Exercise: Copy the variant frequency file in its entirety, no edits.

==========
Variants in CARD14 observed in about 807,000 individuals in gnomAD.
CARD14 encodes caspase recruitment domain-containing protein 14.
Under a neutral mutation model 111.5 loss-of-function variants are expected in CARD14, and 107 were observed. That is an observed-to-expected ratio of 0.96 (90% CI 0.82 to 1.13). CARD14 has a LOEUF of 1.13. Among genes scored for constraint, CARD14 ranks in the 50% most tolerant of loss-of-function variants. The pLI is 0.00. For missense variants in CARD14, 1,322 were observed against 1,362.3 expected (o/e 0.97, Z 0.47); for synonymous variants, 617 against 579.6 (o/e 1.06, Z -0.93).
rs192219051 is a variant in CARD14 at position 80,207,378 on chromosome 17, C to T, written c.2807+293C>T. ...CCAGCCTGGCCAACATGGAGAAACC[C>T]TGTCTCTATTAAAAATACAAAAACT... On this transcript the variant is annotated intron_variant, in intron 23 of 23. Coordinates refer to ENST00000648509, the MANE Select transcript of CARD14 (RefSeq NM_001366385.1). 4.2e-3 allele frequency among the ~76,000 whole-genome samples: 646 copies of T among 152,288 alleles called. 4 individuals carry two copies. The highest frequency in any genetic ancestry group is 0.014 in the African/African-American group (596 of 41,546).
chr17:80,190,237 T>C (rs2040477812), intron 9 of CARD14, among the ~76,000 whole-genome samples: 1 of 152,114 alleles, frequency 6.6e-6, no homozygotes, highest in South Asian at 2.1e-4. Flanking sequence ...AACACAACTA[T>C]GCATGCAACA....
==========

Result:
Variants in CARD14 observed in about 807,000 individuals in gnomAD.
CARD14 encodes caspase recruitment domain-containing protein 14.
Under a neutral mutation model 111.5 loss-of-function variants are expected in CARD14, and 107 were observed. That is an observed-to-expected ratio of 0.96 (90% CI 0.82 to 1.13). CARD14 has a LOEUF of 1.13. Among genes scored for constraint, CARD14 ranks in the 50% most tolerant of loss-of-function variants. The pLI is 0.00. For missense variants in CARD14, 1,322 were observed against 1,362.3 expected (o/e 0.97, Z 0.47); for synonymous variants, 617 against 579.6 (o/e 1.06, Z -0.93).
rs192219051 is a variant in CARD14 at position 80,207,378 on chromosome 17, C to T, written c.2807+293C>T. ...CCAGCCTGGCCAACATGGAGAAACC[C>T]TGTCTCTATTAAAAATACAAAAACT... On this transcript the variant is annotated intron_variant, in intron 23 of 23. Coordinates refer to ENST00000648509, the MANE Select transcript of CARD14 (RefSeq NM_001366385.1). 4.2e-3 allele frequency among the ~76,000 whole-genome samples: 646 copies of T among 152,288 alleles called. 4 individuals carry two copies. The highest frequency in any genetic ancestry group is 0.014 in the African/African-American group (596 of 41,546).
chr17:80,190,237 T>C (rs2040477812), intron 9 of CARD14, among the ~76,000 whole-genome samples: 1 of 152,114 alleles, frequency 6.6e-6, no homozygotes, highest in South Asian at 2.1e-4. Flanking sequence ...AACACAACTA[T>C]GCATGCAACA....